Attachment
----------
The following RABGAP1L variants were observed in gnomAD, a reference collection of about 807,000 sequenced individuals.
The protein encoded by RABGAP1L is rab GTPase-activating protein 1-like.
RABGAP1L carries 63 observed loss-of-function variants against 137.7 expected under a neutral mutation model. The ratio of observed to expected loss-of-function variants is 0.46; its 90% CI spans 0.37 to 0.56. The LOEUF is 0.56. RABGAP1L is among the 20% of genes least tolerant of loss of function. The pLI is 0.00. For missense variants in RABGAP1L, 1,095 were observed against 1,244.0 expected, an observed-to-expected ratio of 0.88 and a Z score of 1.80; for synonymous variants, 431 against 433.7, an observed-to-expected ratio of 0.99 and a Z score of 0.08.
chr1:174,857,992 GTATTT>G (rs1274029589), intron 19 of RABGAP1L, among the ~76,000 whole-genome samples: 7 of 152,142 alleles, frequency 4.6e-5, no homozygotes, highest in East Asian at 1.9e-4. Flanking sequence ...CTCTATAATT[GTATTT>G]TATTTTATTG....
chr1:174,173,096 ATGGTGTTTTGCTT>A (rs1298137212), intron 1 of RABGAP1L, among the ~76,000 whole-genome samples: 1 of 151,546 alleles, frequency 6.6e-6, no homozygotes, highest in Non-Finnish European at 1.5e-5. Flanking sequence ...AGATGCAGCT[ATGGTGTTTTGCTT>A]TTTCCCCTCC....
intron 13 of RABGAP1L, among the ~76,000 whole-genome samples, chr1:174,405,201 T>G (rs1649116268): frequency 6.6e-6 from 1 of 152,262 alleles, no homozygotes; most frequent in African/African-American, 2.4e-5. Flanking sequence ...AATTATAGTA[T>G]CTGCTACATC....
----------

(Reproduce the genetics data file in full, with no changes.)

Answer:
The following RABGAP1L variants were observed in gnomAD, a reference collection of about 807,000 sequenced individuals.
The protein encoded by RABGAP1L is rab GTPase-activating protein 1-like.
RABGAP1L carries 63 observed loss-of-function variants against 137.7 expected under a neutral mutation model. The ratio of observed to expected loss-of-function variants is 0.46; its 90% CI spans 0.37 to 0.56. The LOEUF is 0.56. RABGAP1L is among the 20% of genes least tolerant of loss of function. The pLI is 0.00. For missense variants in RABGAP1L, 1,095 were observed against 1,244.0 expected, an observed-to-expected ratio of 0.88 and a Z score of 1.80; for synonymous variants, 431 against 433.7, an observed-to-expected ratio of 0.99 and a Z score of 0.08.
chr1:174,857,992 GTATTT>G (rs1274029589), intron 19 of RABGAP1L, among the ~76,000 whole-genome samples: 7 of 152,142 alleles, frequency 4.6e-5, no homozygotes, highest in East Asian at 1.9e-4. Flanking sequence ...CTCTATAATT[GTATTT>G]TATTTTATTG....
chr1:174,173,096 ATGGTGTTTTGCTT>A (rs1298137212), intron 1 of RABGAP1L, among the ~76,000 whole-genome samples: 1 of 151,546 alleles, frequency 6.6e-6, no homozygotes, highest in Non-Finnish European at 1.5e-5. Flanking sequence ...AGATGCAGCT[ATGGTGTTTTGCTT>A]TTTCCCCTCC....
intron 13 of RABGAP1L, among the ~76,000 whole-genome samples, chr1:174,405,201 T>G (rs1649116268): frequency 6.6e-6 from 1 of 152,262 alleles, no homozygotes; most frequent in African/African-American, 2.4e-5. Flanking sequence ...AATTATAGTA[T>G]CTGCTACATC....